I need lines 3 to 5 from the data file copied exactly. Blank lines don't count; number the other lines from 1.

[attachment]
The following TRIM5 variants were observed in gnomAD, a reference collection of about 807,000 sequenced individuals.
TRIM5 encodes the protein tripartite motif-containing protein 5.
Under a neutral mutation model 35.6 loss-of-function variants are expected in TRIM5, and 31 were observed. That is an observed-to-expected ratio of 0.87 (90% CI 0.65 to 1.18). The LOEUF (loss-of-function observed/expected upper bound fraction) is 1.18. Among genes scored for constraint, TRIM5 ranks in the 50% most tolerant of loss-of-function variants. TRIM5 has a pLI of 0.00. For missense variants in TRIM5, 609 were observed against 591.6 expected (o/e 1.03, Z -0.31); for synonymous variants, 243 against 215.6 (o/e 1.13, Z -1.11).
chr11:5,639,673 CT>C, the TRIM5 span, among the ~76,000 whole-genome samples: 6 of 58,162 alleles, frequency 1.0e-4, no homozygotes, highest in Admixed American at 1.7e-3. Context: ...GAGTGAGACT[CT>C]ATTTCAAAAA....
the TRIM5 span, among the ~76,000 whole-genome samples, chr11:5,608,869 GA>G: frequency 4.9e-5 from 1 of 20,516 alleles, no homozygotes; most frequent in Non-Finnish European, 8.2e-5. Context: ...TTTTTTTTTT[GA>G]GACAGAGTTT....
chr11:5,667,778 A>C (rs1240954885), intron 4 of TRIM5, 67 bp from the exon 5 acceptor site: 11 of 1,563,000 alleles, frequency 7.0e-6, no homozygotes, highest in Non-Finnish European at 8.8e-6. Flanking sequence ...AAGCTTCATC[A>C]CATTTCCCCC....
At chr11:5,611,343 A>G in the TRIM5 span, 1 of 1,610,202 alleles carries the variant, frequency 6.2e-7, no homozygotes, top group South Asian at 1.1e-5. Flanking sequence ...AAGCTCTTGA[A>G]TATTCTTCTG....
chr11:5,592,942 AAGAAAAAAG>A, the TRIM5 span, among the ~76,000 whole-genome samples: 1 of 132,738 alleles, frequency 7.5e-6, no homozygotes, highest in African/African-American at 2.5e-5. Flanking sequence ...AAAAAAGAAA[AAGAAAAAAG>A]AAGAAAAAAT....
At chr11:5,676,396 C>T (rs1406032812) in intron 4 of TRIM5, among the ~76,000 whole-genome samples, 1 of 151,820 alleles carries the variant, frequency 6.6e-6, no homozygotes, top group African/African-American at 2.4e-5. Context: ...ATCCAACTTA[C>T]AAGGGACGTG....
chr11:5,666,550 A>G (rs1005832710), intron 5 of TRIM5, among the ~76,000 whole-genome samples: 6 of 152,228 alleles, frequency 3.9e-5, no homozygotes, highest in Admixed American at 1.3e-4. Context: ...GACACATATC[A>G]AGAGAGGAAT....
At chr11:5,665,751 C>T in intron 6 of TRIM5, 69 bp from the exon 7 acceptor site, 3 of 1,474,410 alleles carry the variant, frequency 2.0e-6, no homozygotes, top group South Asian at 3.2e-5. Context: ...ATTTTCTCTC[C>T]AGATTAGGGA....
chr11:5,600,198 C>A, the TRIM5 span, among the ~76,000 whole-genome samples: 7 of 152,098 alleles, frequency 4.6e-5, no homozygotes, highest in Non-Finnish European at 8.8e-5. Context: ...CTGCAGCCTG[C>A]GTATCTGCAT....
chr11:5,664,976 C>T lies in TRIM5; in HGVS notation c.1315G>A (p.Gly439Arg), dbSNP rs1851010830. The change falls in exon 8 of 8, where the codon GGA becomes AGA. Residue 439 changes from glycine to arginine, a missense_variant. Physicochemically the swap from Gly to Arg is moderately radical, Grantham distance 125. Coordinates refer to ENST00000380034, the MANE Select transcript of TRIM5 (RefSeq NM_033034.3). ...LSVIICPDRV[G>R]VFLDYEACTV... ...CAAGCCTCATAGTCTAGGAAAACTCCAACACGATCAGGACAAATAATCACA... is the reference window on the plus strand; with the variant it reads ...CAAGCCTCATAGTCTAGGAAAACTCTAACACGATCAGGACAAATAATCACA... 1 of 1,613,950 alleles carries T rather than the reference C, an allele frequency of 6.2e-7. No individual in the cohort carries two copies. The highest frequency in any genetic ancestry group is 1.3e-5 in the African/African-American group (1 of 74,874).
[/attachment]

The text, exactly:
Under a neutral mutation model 35.6 loss-of-function variants are expected in TRIM5, and 31 were observed. That is an observed-to-expected ratio of 0.87 (90% CI 0.65 to 1.18). The LOEUF (loss-of-function observed/expected upper bound fraction) is 1.18. Among genes scored for constraint, TRIM5 ranks in the 50% most tolerant of loss-of-function variants. TRIM5 has a pLI of 0.00. For missense variants in TRIM5, 609 were observed against 591.6 expected (o/e 1.03, Z -0.31); for synonymous variants, 243 against 215.6 (o/e 1.13, Z -1.11).
chr11:5,639,673 CT>C, the TRIM5 span, among the ~76,000 whole-genome samples: 6 of 58,162 alleles, frequency 1.0e-4, no homozygotes, highest in Admixed American at 1.7e-3. Context: ...GAGTGAGACT[CT>C]ATTTCAAAAA....
the TRIM5 span, among the ~76,000 whole-genome samples, chr11:5,608,869 GA>G: frequency 4.9e-5 from 1 of 20,516 alleles, no homozygotes; most frequent in Non-Finnish European, 8.2e-5. Context: ...TTTTTTTTTT[GA>G]GACAGAGTTT....